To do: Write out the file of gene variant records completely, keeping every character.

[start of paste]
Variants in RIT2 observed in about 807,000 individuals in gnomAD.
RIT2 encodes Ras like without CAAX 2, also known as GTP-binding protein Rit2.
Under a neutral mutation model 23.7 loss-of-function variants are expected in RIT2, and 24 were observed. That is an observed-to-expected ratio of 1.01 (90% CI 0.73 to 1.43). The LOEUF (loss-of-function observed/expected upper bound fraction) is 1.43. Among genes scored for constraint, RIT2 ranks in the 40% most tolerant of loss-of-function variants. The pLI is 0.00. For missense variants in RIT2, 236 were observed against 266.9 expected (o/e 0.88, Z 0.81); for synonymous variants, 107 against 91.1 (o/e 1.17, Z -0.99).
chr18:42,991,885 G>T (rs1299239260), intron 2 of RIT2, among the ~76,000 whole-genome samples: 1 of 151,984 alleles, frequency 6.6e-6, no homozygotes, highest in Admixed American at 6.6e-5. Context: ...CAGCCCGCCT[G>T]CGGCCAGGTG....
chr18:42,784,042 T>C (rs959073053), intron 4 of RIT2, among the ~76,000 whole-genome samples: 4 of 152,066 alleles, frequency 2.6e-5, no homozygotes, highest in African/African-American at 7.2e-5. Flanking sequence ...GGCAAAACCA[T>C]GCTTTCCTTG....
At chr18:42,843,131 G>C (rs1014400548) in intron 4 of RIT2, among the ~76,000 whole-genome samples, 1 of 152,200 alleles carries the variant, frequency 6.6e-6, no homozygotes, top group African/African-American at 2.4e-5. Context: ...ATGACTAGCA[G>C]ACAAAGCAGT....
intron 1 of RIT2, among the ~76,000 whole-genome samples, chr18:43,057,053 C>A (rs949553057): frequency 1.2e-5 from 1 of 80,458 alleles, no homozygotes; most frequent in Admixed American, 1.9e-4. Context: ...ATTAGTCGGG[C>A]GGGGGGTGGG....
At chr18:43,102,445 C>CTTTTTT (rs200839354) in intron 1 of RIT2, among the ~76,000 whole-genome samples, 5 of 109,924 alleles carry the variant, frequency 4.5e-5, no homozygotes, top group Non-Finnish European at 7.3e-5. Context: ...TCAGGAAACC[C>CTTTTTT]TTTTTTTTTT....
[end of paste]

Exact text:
Variants in RIT2 observed in about 807,000 individuals in gnomAD.
RIT2 encodes Ras like without CAAX 2, also known as GTP-binding protein Rit2.
Under a neutral mutation model 23.7 loss-of-function variants are expected in RIT2, and 24 were observed. That is an observed-to-expected ratio of 1.01 (90% CI 0.73 to 1.43). The LOEUF (loss-of-function observed/expected upper bound fraction) is 1.43. Among genes scored for constraint, RIT2 ranks in the 40% most tolerant of loss-of-function variants. The pLI is 0.00. For missense variants in RIT2, 236 were observed against 266.9 expected (o/e 0.88, Z 0.81); for synonymous variants, 107 against 91.1 (o/e 1.17, Z -0.99).
chr18:42,991,885 G>T (rs1299239260), intron 2 of RIT2, among the ~76,000 whole-genome samples: 1 of 151,984 alleles, frequency 6.6e-6, no homozygotes, highest in Admixed American at 6.6e-5. Context: ...CAGCCCGCCT[G>T]CGGCCAGGTG....
chr18:42,784,042 T>C (rs959073053), intron 4 of RIT2, among the ~76,000 whole-genome samples: 4 of 152,066 alleles, frequency 2.6e-5, no homozygotes, highest in African/African-American at 7.2e-5. Flanking sequence ...GGCAAAACCA[T>C]GCTTTCCTTG....
At chr18:42,843,131 G>C (rs1014400548) in intron 4 of RIT2, among the ~76,000 whole-genome samples, 1 of 152,200 alleles carries the variant, frequency 6.6e-6, no homozygotes, top group African/African-American at 2.4e-5. Context: ...ATGACTAGCA[G>C]ACAAAGCAGT....
intron 1 of RIT2, among the ~76,000 whole-genome samples, chr18:43,057,053 C>A (rs949553057): frequency 1.2e-5 from 1 of 80,458 alleles, no homozygotes; most frequent in Admixed American, 1.9e-4. Context: ...ATTAGTCGGG[C>A]GGGGGGTGGG....
At chr18:43,102,445 C>CTTTTTT (rs200839354) in intron 1 of RIT2, among the ~76,000 whole-genome samples, 5 of 109,924 alleles carry the variant, frequency 4.5e-5, no homozygotes, top group Non-Finnish European at 7.3e-5. Context: ...TCAGGAAACC[C>CTTTTTT]TTTTTTTTTT....